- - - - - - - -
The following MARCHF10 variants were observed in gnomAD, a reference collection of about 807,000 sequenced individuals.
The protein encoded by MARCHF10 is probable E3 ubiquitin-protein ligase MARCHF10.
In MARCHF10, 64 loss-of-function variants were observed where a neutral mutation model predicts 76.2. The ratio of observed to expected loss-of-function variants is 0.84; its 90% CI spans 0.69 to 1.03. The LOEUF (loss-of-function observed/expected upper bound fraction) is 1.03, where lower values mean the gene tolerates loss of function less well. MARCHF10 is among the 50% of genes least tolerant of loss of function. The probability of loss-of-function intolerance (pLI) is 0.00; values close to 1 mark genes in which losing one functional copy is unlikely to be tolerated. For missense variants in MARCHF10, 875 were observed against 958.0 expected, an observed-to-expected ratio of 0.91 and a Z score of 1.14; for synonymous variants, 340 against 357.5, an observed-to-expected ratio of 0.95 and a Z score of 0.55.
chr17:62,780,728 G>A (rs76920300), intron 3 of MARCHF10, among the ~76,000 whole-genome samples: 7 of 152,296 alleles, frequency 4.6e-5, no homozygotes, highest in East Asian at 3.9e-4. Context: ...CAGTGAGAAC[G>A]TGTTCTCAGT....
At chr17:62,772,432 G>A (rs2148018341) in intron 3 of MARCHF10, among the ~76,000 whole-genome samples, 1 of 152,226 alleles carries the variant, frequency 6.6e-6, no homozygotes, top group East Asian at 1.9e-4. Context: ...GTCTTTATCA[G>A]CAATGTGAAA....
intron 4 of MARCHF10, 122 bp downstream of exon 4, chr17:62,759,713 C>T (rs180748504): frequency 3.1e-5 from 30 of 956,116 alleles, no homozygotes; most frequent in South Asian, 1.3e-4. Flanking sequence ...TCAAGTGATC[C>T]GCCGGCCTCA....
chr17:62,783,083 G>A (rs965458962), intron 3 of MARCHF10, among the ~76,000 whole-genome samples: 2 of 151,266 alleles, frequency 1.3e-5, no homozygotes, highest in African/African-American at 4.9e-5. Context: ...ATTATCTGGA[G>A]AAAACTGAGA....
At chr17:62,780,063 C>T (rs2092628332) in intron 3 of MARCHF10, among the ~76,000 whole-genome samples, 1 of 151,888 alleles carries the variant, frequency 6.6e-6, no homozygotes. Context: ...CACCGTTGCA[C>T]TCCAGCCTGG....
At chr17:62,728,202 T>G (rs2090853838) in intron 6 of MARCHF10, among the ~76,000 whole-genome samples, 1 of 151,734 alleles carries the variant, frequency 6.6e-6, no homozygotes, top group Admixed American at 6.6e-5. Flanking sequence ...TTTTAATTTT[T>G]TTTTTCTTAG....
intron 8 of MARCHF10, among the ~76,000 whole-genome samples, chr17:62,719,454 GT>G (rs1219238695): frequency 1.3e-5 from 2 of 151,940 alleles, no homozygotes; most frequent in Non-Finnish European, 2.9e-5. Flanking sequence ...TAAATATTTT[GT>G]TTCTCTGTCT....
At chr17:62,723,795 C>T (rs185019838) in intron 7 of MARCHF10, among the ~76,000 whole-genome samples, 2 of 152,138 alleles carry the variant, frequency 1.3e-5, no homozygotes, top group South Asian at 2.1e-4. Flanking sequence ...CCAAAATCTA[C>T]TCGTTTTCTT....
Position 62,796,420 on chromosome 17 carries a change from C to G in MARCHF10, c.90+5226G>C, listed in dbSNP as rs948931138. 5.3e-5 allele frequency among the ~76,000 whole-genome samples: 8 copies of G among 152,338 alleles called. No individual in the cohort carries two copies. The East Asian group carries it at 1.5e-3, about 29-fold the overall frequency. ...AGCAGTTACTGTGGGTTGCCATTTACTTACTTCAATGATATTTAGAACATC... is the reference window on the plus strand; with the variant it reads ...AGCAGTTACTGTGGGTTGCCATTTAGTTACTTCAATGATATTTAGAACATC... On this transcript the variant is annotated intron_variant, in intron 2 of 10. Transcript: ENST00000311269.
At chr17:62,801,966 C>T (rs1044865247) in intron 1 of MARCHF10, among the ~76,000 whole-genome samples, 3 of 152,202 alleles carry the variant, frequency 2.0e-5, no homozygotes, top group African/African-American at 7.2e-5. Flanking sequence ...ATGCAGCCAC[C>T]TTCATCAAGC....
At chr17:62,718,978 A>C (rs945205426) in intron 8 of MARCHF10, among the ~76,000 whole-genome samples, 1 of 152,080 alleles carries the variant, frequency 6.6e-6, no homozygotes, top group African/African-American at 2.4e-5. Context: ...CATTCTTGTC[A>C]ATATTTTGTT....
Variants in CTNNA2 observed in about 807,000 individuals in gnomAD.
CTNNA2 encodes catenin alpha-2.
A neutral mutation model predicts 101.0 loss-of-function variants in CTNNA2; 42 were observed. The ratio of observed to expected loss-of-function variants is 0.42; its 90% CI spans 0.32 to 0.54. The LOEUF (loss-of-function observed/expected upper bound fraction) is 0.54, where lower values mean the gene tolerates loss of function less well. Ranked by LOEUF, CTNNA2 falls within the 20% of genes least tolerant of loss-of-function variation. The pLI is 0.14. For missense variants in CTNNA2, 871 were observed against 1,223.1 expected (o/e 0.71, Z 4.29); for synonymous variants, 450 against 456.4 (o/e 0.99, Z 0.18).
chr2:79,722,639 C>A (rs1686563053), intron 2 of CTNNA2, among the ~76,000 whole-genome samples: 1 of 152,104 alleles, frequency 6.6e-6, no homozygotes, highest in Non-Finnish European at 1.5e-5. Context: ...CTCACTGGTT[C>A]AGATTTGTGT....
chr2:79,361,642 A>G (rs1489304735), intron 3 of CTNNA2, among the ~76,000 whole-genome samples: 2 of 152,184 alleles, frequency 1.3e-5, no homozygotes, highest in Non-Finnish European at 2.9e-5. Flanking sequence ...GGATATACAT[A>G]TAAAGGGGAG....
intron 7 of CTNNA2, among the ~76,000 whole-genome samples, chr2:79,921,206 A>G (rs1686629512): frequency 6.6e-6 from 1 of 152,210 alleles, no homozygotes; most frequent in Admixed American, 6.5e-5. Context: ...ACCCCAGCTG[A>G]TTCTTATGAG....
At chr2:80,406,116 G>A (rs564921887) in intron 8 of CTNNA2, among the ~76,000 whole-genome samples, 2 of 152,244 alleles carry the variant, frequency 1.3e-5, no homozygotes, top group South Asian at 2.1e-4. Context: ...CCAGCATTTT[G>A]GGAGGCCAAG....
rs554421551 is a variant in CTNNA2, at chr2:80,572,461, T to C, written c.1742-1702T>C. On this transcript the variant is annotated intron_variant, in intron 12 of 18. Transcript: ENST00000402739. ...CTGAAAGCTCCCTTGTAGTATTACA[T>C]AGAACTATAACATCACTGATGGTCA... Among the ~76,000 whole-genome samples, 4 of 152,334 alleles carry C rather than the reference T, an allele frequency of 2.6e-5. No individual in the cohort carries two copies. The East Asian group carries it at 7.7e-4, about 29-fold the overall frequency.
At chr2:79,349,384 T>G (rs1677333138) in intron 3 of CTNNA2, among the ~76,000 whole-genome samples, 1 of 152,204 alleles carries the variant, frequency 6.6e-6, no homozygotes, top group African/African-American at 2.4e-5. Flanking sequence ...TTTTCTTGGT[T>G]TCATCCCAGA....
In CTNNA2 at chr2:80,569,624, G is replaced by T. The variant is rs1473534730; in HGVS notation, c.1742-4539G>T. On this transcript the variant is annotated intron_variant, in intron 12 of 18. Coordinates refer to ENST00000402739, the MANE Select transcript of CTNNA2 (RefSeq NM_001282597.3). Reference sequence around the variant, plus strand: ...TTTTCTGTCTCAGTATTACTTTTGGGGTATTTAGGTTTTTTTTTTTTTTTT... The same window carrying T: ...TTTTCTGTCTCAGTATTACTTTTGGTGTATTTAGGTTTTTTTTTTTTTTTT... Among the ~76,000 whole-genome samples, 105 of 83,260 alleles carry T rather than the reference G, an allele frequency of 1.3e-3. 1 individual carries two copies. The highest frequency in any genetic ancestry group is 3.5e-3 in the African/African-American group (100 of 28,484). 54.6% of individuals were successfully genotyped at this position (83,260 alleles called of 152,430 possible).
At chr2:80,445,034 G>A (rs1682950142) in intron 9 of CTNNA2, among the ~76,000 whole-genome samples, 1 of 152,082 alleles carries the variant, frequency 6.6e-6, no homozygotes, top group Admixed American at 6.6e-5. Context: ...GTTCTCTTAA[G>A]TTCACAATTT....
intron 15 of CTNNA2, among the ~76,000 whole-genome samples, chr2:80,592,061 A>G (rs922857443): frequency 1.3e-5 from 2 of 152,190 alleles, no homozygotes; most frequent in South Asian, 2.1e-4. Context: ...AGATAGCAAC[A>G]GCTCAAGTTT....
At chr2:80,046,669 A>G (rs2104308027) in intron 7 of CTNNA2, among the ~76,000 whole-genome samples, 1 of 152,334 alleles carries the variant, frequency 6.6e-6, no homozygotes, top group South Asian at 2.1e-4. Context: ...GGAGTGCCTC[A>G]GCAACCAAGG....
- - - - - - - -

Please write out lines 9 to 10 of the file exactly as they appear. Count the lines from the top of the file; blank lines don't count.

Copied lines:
At chr17:62,728,202 T>G (rs2090853838) in intron 6 of MARCHF10, among the ~76,000 whole-genome samples, 1 of 151,734 alleles carries the variant, frequency 6.6e-6, no homozygotes, top group Admixed American at 6.6e-5. Flanking sequence ...TTTTAATTTT[T>G]TTTTTCTTAG....
intron 8 of MARCHF10, among the ~76,000 whole-genome samples, chr17:62,719,454 GT>G (rs1219238695): frequency 1.3e-5 from 2 of 151,940 alleles, no homozygotes; most frequent in Non-Finnish European, 2.9e-5. Flanking sequence ...TAAATATTTT[GT>G]TTCTCTGTCT....